Unterrainer et al. Radiation Oncology(2020) 15:88the delineation of viable tumor tissue can be challenging,especially in patients with local pretreatment such assurgery. Moreover, treatment response assessment withconventional morphological imaging is partly unable tocorrectly differentiate early relapse from radiation induced changes or inflammation, e.g. in neuro-oncology[4]. Therefore, positron emission tomography (PET) imaging gains increasing clinical significance in the apy, as PET allows the visualization and quantification of tumoral features on a molecular level beyondthe mere morphological extent on conventional imaging,such as tumor metabolism or receptor expression. 18FFDG, a glucose analogue, is the most commonly appliedligand for oncological PET imaging [5] due to its provenutility and its generally increasing availability. Beyondthe visualization of glucose metabolism, other tumorcharacteristics can be targeted and visualized by PET imaging. In this regard, e.g. PET with prostate-specificmembrane antigen (PSMA) ligands are of high clinicaland scientific interest for advanced imaging of patientssuffering from prostate cancer [6]. The tumor metabolism or receptor expression information has allowed foruse as a tool for (a) visualization of tumor extent, for (b)assessing response during and (c) after therapy, for (d)prediction of patterns of failure and for (e) definition ofthe volume in need of dose-escalation. Where, (e) sometimes has been referred to as “dose-painting” [7], although the idea is older [8] and the practice ofescalation of the PET-avid volumes has been in long usefor the treatment of e.g. head neck cancer.This review describes the recent advances of PET imaging within the field of clinical radiotherapy / radiationoncology in several oncological diseases (neuro-oncology, head & neck cancer, lung cancer, gastrointestinaltumors and prostate cancer) with particular emphasis onradiotherapy planning, but also on treatment responseevaluation and prognostication. Moreover, recent advances in PET imaging itself are reviewed with specialemphasis on the potential applicability on clinical settings in radiotherapy / radiation oncology.Neuro-oncologyPET is widely applied in the field of neuro-oncology ascomplementary imaging modality in addition to MRI[9]. Its use may be derived from the answers to severalkey questions: 1) How to optimally define the radiotherapeutic target volume or delineate the extent of disease before surgical resection, 2) is it possible to deriveprognostic value from molecular imaging, and 3) how todistinguish treatment effect from true progression.When considering the wide field of primary CNS tumors, the entity of glioma is reported on by the PET taskforce of the Response Assessment in Neuro-OncologyPage 2 of 15(RANO) working group [10]. This task force clearly derives evidence from published studies with validatedPET findings (either by histopathology or clinical course)in the setting of diagnosis, biopsy, surgery, radiotherapyand response assessment, and shows superiority ofamino acid PET such as 18F-FET or 11C-MET PET [11]over 18F-FDG PET [10, 12]. Specifically, 18F-FET hasbeen shown to predict prognosis [13, 14], to enable improved target delineation [15–17] to assess treatment response [10]. Recurrence pattern analyses havesubstantiated the role of amino acid PET in identifyingaggressive parts and the potential of targeting these regions [18–21]. In a recent study, the combination of 18FFET-PET and T1w MRI was shown to carry the most information for prediction of patterns of failure followingchemo-radiation therapy of glioblastoma patients [22].In the US, 18F-DOPA is a widely used tracer and it wasshown to provide additional clinical information [23],which could also be validated histopathologically [24]. Avariety of data exists on other tracers as described inTable 1 [28]. One potential target of interest for braintumor imaging is the 18 kDa translocator protein(TSPO), as known in neurodegenerative research, withremarkable overexpression in glioblastoma patients,whereas further studies have to further elucidate thecontribution of neuro-inflammatory component withinthe signal obtained in TSPO PET [29–31]. In this regard,the potential influence of this new modality on radiotherapy approaches has to be validated. In sum, especially amino acid tracers are applied for radiotherapyplanning in clinical routine of glioma patients [9, 15, 20],but also for the differentiation of viable tumor and recurrent / progressive disease after initial radiotherapy [4,32, 33], as recently emphasized by the PET RANO group[10].In analogy to primary brain tumors, brain metastasescan also be visualized by PET [34]. Although its valuefor imaging prior to radiotherapy remains unclear, PETimaging, especially with radiolabeled amino acids, hasevolved as complementary imaging tool for the differentiation of true progression from pseudoprogression, e.g.after radiotherapy [16, 35–37], see Fig. 1. Therefore, theuse of PET in brain metastases was also recently recommended by the PET RANO group [34].Compared to glioma and brain metastases, meningioma as extraaxial tumor is even more common. BeyondMRI, PET ligands targeting the somatostatin receptor(SSR) such as 68Ga-DOTATOC and 68Ga-DOTATATEare used in clinical routine [38, 39] and have been established for surgical guidance [40] or target volume definition [41, 42] due to the high expression of SSR inmeningioma tissue. Specifically, this imaging modality isof help in meningiomas at the skull base, where extraforaminal extension or osseous infiltration may be expected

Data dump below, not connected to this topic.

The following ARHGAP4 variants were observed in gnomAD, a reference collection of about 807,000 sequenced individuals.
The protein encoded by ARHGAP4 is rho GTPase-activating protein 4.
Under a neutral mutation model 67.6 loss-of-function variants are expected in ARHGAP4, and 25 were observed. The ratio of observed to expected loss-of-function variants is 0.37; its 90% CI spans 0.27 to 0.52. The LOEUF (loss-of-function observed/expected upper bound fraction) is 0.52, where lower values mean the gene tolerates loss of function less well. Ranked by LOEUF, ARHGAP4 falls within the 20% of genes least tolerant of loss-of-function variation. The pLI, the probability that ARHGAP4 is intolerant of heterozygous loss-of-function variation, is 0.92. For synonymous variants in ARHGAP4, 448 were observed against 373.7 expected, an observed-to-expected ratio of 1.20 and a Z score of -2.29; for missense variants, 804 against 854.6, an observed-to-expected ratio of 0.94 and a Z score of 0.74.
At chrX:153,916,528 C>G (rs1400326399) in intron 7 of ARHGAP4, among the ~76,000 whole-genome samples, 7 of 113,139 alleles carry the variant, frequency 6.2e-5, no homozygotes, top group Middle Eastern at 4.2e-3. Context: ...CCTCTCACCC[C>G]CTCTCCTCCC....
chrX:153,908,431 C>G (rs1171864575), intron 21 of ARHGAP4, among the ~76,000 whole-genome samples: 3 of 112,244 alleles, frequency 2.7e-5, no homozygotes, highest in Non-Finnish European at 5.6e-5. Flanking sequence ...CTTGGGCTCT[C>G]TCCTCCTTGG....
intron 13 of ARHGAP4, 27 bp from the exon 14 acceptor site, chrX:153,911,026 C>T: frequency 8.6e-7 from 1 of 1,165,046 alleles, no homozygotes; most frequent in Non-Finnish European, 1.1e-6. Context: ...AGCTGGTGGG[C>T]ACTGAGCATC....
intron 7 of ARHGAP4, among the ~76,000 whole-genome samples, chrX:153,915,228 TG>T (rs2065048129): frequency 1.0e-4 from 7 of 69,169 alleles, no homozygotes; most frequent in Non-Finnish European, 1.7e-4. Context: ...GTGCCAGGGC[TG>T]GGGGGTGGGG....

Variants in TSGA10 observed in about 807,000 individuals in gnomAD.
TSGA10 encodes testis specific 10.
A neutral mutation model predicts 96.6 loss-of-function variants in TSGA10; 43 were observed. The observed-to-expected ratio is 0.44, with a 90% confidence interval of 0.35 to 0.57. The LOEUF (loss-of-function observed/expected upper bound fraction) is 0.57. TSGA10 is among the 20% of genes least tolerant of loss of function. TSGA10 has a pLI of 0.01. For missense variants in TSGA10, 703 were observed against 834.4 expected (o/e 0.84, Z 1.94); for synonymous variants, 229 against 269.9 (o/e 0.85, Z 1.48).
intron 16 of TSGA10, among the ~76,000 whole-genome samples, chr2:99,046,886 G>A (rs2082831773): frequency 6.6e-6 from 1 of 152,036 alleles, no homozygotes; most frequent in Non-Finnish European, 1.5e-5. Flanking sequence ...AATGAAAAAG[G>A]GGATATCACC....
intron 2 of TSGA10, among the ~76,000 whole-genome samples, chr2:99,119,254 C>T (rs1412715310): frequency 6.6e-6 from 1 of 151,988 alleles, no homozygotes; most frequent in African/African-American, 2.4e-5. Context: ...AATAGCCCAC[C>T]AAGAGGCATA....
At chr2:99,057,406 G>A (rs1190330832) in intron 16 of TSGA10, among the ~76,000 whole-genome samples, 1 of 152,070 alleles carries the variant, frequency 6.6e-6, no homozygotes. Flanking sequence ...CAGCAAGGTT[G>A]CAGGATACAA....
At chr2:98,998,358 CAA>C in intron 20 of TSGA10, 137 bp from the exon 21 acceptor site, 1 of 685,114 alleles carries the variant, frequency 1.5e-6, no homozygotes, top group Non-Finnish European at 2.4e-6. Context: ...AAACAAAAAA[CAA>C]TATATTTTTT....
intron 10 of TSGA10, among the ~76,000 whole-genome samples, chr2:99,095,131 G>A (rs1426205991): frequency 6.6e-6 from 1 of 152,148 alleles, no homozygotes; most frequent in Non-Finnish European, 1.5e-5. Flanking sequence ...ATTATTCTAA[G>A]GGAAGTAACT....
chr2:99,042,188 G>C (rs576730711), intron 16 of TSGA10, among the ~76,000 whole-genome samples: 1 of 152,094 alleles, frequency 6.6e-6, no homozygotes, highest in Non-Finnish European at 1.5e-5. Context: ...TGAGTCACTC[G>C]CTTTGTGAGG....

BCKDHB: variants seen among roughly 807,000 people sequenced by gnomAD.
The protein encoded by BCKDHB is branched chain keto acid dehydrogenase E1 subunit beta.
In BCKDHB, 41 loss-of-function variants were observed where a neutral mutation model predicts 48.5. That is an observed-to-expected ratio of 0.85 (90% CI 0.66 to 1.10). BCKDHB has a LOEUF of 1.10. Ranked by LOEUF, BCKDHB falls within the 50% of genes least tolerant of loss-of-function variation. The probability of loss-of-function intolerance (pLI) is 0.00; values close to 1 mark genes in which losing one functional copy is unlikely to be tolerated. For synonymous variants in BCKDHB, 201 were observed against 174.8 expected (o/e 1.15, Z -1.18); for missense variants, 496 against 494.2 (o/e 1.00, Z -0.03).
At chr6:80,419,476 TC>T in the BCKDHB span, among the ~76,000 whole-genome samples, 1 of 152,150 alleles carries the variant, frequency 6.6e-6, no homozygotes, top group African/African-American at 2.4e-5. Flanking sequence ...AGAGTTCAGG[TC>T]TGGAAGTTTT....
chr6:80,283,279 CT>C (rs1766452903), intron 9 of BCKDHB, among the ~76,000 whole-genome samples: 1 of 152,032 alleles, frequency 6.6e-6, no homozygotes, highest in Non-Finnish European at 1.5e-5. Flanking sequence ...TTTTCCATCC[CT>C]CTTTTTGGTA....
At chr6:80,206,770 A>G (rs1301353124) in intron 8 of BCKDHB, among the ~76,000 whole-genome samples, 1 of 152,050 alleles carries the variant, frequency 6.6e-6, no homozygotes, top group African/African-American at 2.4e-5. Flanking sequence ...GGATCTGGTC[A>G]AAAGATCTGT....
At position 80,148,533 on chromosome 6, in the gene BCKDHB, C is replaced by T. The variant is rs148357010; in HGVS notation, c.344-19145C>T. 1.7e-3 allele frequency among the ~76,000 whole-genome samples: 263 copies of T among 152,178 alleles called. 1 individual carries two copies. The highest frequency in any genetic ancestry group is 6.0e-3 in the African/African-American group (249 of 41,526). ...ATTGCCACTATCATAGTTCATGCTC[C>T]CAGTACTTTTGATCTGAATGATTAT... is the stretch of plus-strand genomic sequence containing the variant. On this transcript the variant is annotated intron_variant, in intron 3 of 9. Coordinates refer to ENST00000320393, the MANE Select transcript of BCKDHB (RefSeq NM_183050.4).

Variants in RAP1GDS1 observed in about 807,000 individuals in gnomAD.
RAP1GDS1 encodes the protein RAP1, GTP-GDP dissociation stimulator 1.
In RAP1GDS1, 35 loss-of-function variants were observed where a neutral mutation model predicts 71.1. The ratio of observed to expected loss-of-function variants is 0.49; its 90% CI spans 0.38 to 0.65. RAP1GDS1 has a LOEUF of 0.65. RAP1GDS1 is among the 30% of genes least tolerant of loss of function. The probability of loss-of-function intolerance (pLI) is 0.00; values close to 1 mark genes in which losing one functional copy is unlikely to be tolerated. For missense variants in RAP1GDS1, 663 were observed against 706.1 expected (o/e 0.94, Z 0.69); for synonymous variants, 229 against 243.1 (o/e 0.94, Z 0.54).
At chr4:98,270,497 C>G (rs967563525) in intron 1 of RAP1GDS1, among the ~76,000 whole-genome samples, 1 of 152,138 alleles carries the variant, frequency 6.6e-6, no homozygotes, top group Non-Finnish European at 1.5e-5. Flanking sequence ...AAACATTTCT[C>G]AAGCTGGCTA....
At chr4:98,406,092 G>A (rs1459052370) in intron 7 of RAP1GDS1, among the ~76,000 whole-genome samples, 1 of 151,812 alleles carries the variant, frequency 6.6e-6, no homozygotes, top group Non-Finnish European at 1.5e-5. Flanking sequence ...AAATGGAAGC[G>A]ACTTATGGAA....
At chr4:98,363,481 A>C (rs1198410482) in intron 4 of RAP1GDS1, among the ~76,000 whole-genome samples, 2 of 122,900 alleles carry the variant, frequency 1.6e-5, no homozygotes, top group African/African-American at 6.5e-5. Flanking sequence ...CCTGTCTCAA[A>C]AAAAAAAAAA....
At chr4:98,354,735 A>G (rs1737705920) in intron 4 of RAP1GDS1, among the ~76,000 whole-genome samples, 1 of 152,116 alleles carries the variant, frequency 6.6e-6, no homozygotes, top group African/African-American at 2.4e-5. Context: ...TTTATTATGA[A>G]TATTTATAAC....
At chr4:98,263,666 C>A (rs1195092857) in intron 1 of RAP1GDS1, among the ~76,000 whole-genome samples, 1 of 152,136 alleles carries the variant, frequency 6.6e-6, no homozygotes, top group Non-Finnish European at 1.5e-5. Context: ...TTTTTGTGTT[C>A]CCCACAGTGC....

Unterrainer et al. Radiation Oncology(2020) 15:88Page 3 of 15Table 1 Different tumors and tracers in neuro-oncology for different indications: target delineation (TD), prognostication (P),distinguishing between progressive disease and pseudoprogression (TR)Tumor entityTracersIndication CommentGlioma18TD/P/TRValuable as longer halftime compared to 11C-MET, high diagnostic accuracy with histopathologicalvalidation; ongoing trials to confirm clinical benefit, e. g. GLIAA [25]18TD/P/TRStudies on prognostic relevance and histopathological validation available, e.g. [24, 26], mainly used in theUS11TD/PStudies on prognostic relevance and histopathological validation available. Aiding in target delineation.TSPOligandsNoneInvestigational, no histopathological validation studies (ongoing)68GaDOTATOCTDAiding in target delineation or surgical approach, especially when located at the skull base68GaDOTATATETDSUV cutoff histologically validated, no relevant data available on responseBrainmetastasis18TRDifferentiation pseudoprogression/radiation necrosis vs. tumor recurrenceCNSlymphoma18NoneTumor metabolism, response assessment [27]F-FETF-DOPAC-METMeningiomaF-FETF-FDG[43] or in case of suspected residual or recurrent tissueafter initial therapy [40]. Some other reports on aminoacid PET are available as well, however, in the light ofSSR-ligands, these tracers are not widely used in clinicalroutine for meningioma imaging [44]. Beyond in CNSlymphoma [45], 18F-FDG PET is not recommended bythe PET RANO group for most primary brain tumors[10, 34, 46], mainly due to high background activity ofthe normal brain.Head and neck cancerHead and neck cancers (HNC) consist of a wide range oftumor entities such as squamous cell cancer, salivary tumors or nasopharyngeal carcinomas. Diagnosis andtreatment of the group of HNC is a complex and multidisciplinary approach. PET/CT provides insights intotumor biology and tissue metabolism and has an unprecedented accuracy in unmasking nodal metastases ortumor extensions. At the current state, most of the available data for PET imaging in HNC is validated for headand neck squamous cell cancer. PET/CT facilitates contouring for (chemo-) radiotherapy (CRT) and it significantly influences dose painting in radiation planning. Inabout 25% of patients with disease of unknown primary,location is revealed by 18F-FDG-PET/CT [47–52].Since HNC represents a very heterogeneous disease,there is great interest in finding prognostic markers forrisk stratification. For primary staging, the use of PET/CT leads to a change of about 10% in every TNM category and similarly, a major change in treatment strategyin about 10% of patients [53]. This is crucial, knowingthat survival decreases by 40–50% in patients withFig. 1 A 54 years-old female patient with extensive edema on T2 MRI (a) and new contrast enhancing lesions at the temporal and occipital lobe(b) after undergoing stereotactic radiosurgery for brain metastases from malignant melanoma at both sites. MRI findings were suggestive fortumor recurrence, whereas only a faint uptake on 18F-FET PET (c) and fused PET/MRI (d) was seen in both lesions, a finding typical for radiationnecrosis. Radiation necrosis was subsequently confirmed by histopathology

Unterrainer et al. Radiation Oncology(2020) 15:88positive lymph nodes [48, 49]. Moreover, first data suggests that the use of PET/CT for radiation planningcould significantly improve the local tumor control, regional control and even survival [54]. The maximal standardized value (SUVmax) of the primary tumor and totallesion glycolysis (TLG) of the largest node on 18F-FDGPET are PET derived parameters that can be used aspredictors of therapeutic failure and vice versa